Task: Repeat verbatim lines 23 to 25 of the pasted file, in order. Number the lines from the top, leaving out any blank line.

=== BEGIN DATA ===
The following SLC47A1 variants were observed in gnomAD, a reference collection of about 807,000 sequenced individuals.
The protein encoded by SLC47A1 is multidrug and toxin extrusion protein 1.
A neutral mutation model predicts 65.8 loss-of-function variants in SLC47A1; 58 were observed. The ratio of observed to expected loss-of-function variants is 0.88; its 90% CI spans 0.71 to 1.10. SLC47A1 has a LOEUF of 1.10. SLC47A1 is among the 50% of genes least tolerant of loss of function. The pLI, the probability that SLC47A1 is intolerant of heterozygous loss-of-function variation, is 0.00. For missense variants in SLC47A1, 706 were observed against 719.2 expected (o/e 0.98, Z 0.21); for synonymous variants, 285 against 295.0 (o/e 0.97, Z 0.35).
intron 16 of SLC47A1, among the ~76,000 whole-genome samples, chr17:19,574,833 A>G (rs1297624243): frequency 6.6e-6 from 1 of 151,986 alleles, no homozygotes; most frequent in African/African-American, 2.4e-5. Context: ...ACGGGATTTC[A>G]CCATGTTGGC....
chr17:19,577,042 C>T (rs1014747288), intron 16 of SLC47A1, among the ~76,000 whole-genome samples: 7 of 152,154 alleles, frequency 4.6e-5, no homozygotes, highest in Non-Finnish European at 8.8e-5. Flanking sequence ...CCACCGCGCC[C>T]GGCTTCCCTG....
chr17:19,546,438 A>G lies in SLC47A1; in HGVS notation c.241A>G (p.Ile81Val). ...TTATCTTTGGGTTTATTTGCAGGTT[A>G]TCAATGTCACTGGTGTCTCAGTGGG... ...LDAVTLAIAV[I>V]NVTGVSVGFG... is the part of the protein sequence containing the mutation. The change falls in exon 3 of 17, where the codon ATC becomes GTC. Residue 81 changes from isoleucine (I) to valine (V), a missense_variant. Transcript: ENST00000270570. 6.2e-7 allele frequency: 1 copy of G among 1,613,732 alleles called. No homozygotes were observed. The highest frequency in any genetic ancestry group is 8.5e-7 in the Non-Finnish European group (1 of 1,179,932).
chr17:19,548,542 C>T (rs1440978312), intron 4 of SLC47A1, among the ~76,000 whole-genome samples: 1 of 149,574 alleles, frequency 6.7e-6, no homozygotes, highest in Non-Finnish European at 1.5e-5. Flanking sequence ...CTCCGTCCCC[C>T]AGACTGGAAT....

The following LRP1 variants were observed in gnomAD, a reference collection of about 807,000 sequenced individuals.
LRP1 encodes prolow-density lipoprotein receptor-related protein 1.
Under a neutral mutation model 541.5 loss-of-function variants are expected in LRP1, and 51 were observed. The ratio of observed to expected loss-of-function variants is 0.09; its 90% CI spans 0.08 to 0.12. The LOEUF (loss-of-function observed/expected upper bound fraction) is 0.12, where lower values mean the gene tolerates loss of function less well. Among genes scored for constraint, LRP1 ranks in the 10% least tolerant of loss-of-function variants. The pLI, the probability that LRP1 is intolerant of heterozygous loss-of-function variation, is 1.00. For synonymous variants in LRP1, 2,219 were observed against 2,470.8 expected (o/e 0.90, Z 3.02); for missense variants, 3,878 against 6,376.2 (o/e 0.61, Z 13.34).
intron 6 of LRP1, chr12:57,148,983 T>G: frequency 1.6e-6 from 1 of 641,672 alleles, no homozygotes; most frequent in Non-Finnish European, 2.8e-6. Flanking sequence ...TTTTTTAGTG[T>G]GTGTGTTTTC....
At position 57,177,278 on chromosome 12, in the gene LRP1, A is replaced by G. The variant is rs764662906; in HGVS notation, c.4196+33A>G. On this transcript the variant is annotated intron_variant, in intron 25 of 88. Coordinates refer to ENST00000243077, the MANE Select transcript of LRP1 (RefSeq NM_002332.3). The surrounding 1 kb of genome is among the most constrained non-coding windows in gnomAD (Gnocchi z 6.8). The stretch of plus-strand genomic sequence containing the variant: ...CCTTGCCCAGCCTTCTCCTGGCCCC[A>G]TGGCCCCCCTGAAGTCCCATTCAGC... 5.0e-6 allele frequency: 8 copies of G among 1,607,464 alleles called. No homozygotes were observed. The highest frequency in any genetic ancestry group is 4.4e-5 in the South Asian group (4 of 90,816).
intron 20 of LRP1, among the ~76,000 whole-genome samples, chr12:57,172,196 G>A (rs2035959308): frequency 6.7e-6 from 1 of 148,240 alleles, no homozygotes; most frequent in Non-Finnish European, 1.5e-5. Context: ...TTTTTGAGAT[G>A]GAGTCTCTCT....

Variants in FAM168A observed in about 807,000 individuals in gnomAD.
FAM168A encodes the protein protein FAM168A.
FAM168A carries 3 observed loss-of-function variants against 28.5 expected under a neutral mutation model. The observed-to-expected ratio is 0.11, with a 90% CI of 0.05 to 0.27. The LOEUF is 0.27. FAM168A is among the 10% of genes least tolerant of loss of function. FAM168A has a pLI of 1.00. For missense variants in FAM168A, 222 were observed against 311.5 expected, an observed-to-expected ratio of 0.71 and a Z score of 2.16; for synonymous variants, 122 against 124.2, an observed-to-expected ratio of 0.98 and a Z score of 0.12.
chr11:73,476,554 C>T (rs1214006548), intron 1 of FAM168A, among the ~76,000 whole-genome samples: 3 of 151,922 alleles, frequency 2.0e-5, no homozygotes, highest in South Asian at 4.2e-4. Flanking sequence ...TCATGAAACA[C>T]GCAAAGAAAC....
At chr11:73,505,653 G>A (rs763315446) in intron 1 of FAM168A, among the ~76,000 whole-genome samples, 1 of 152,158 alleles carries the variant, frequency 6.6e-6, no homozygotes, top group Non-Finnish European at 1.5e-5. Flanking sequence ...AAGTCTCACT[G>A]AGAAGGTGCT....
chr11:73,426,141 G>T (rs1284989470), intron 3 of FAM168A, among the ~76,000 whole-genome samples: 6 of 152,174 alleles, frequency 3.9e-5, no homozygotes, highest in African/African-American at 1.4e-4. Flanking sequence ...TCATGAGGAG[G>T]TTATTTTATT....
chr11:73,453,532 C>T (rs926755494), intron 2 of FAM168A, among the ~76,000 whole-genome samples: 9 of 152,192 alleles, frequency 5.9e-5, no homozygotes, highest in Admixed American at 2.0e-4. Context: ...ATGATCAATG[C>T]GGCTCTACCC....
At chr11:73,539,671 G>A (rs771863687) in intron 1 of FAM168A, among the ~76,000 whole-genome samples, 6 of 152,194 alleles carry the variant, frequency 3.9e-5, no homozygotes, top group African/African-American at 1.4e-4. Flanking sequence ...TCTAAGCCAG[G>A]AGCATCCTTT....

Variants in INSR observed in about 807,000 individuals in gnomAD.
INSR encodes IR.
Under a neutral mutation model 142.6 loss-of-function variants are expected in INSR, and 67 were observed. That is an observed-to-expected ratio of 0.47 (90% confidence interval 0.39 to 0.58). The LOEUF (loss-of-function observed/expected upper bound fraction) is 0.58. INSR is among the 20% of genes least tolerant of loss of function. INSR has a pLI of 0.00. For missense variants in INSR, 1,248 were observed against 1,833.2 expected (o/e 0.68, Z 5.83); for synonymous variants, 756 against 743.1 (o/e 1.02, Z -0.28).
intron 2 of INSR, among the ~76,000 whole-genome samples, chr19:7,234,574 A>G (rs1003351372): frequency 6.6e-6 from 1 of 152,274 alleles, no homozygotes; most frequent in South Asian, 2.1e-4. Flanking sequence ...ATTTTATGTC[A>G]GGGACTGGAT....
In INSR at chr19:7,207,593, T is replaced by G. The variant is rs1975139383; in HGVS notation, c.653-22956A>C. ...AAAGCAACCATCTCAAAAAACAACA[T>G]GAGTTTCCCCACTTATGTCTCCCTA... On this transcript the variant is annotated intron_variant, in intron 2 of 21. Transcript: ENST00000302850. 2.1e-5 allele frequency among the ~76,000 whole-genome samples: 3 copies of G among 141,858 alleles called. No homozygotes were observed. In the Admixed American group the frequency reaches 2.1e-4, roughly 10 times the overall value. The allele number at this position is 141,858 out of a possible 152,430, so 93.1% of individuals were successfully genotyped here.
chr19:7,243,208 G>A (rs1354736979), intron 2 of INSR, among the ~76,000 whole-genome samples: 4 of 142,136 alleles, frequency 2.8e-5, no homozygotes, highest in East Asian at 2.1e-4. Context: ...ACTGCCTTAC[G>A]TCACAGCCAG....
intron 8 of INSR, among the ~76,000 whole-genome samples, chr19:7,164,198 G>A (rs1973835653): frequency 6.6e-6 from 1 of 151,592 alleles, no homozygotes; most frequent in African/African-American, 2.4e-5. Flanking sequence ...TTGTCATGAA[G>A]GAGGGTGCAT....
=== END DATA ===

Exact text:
INSR encodes IR.
Under a neutral mutation model 142.6 loss-of-function variants are expected in INSR, and 67 were observed. That is an observed-to-expected ratio of 0.47 (90% confidence interval 0.39 to 0.58). The LOEUF (loss-of-function observed/expected upper bound fraction) is 0.58. INSR is among the 20% of genes least tolerant of loss of function. INSR has a pLI of 0.00. For missense variants in INSR, 1,248 were observed against 1,833.2 expected (o/e 0.68, Z 5.83); for synonymous variants, 756 against 743.1 (o/e 1.02, Z -0.28).
intron 2 of INSR, among the ~76,000 whole-genome samples, chr19:7,234,574 A>G (rs1003351372): frequency 6.6e-6 from 1 of 152,274 alleles, no homozygotes; most frequent in South Asian, 2.1e-4. Flanking sequence ...ATTTTATGTC[A>G]GGGACTGGAT....